Sometimes – it looks as if we are gradually emerging from the pandemic, leaving the worst behind us. But then there are probably times when even over the past few months most of us have felt hugely disorientated, lying awake wondering where will we be in six months, a year, ten years from now?Read more >>
St. Mary’s University has been a leader in research in the area of modern slavery for a number of years, especially through the work of the Bakhita Centre.Read more >>
Catholic social teaching rarely seems to touch on issues of death, dying, bereavement and so on, except, of course, in debates around euthanasia and medical choices made when caring for those close to death. But what about questions related to the care of those who are close to death, bereavement and the practicalities that inevitably arise when a member of the family dies? Many of the usual questions that are raised by Catholic social teaching pertain. What should be the role of the family, civil society, the Church and the state? How is the common good best promoted, remembering that the common good is about bringing society to a higher state of perfection? We cannot do that unless we are faithful companions to those who are dying and help those who are bereaved.Read more >>
St. Mary’s University continued its series of events on the Common Good, working with Caritas Social Action Network, the Centre for Social Justice and Together for the Common Good. The first event in the series can be watched at: https://www.youtube.com/watch?v=23N5rqHn7FI and the second event on The Common Good and the Family will be available from the youtube channel shortly. Below is Cristine Odone’s contribution to the second event.Read more >>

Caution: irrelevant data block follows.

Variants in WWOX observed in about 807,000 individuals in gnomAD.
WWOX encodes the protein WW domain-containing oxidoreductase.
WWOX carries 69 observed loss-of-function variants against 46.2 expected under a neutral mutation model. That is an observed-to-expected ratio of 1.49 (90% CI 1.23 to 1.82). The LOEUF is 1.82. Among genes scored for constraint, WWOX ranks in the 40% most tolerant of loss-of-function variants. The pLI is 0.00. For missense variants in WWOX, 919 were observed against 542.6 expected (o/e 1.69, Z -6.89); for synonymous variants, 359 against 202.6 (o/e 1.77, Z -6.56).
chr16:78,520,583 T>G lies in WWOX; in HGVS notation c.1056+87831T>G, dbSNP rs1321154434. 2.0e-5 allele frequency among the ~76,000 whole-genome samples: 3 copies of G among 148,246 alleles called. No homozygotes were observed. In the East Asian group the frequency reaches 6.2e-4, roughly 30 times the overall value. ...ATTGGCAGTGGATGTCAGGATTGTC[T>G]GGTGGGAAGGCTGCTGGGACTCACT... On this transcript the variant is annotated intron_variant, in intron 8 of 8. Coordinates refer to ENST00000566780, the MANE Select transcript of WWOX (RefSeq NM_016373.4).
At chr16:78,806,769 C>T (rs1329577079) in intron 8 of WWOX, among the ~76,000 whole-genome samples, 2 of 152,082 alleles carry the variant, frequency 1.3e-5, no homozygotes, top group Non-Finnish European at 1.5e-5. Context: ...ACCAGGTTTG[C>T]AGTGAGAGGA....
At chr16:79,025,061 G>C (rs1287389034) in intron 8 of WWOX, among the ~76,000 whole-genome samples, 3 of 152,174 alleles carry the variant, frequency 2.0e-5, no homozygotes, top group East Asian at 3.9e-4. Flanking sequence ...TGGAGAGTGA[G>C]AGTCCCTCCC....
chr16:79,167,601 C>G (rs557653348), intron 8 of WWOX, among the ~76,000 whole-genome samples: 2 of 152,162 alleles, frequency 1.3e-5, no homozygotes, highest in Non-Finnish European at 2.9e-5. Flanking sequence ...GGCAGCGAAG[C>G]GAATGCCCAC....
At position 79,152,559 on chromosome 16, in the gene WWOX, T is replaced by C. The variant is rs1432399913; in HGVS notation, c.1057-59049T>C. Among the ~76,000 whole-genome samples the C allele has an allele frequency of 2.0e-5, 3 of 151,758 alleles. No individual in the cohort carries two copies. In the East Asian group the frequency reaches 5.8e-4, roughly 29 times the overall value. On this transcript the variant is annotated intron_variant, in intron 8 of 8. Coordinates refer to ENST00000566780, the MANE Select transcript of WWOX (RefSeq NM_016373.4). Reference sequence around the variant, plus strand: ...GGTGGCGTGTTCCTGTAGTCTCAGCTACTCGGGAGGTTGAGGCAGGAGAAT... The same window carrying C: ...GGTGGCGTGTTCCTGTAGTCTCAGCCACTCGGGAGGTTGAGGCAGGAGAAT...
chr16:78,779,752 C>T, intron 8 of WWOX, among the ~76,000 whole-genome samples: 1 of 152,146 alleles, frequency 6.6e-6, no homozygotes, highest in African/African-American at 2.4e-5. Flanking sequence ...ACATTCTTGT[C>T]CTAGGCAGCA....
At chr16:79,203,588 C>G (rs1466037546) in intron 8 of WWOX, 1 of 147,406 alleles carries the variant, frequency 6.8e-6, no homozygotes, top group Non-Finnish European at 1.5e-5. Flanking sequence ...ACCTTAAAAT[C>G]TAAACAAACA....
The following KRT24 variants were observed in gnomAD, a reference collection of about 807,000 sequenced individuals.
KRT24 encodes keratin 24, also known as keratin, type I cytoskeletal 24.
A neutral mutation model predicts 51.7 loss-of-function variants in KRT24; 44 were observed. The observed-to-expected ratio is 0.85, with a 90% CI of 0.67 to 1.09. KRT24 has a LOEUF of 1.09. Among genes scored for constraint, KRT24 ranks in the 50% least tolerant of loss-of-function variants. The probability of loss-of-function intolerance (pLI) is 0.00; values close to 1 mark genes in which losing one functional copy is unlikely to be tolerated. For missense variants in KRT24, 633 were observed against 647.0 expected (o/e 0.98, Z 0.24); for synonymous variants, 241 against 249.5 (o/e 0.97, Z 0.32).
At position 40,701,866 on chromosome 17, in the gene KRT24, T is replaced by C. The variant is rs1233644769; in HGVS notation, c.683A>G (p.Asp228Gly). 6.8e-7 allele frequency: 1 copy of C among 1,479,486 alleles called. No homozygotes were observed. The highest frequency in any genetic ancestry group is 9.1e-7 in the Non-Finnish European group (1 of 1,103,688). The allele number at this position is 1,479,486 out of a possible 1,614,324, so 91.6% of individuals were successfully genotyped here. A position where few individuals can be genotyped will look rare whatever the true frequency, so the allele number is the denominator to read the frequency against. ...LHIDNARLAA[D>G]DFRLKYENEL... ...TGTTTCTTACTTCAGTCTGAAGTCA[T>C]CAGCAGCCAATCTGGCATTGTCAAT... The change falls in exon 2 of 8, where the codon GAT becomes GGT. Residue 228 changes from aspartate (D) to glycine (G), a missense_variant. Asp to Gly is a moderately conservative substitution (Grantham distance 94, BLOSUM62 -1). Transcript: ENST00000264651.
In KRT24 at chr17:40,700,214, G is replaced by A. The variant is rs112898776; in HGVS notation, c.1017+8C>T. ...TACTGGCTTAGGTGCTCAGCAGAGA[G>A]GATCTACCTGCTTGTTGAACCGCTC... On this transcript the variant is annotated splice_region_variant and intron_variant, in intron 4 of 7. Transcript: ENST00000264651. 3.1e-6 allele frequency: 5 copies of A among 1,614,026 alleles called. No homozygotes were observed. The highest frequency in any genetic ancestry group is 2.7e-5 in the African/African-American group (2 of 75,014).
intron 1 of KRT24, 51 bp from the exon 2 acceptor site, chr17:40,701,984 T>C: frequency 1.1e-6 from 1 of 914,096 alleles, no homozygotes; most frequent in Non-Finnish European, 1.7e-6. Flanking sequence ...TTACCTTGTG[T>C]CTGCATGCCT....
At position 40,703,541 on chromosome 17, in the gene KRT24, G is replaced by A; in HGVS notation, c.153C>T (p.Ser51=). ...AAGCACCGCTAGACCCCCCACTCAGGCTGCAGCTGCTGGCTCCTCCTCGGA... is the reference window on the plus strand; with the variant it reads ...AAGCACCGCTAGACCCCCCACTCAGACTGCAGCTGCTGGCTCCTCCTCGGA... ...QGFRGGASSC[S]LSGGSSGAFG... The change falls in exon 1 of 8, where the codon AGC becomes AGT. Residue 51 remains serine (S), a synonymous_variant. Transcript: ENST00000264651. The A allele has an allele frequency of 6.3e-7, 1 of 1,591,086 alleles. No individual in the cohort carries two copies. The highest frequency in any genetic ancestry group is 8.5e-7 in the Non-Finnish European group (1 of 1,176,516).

“Either we are brothers and sisters or we will destroy each other” said Pope Francis just a year ago. Next week the Pope will visit Iraq where the stark logic of his warning is tragically visible.Read more >>
On 10th February, the Benedict XVI Centre held a webinar on Prisons and Punishment in the 21st Century. We were joined by Caritas Social Action Network and the Bishops’ Conference of England and Wales in organising the event.Read more >>
As 2020 ended Pope Francis’s Fratelli tutti called with passion for the world to discover the energy to rediscover ‘lost dreams’. Building on his experience in Buenos Aires and his creation of a Pontifical Commission for Latin America to bring that region into the heart of the Roman Curia, he specifically suggested that a symbol of such a dream was a ‘patria grande’. The idea of ‘patria grande’, of course, has a long history in the Americas: part rallying cry of Simon Bolivar, part lament at the division of what had been ‘Spanish America’ and part radical social and economic project. Like many visions at scale it is fed by multiple sources.Read more >>
The top: Singapore, Hong Kong, New Zealand, Finland, UK, Holland, Sweden, Canada.
The bottom: Venezuela, Haiti, Turkmenistan, Somalia, North Korea, Cuba, Bolivia, Yemen.
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In the interest of the common good, every citizen has a responsibility to promote the mental health of all the members of our society, including ourselves, and of our local communities. The Church believes that life is worth living. Life matters. It is a precious gift to be cherished. Our fulfilment and destiny come from a living relationship with Jesus Christ through faith, nourished by the sacraments and the support of the Church community. Prayerful support of those who care about the mental health of every member of the community also assists in this great work of Christian concern.
Statement from Bishop Richard Moth on the World Mental Health Day 2019
In this post, Maria Power of the Las Casas Institute for Social Justice, University of Oxford, looks at the conflict in Northern Ireland through the lens of Catholic social teaching, drawing on the important research in her new book Catholic Social Teaching and Theologies of Peace: Cardinal Cahal Daly and the Pursuit of the Peaceable Kingdom, available from Routledge.Read more >>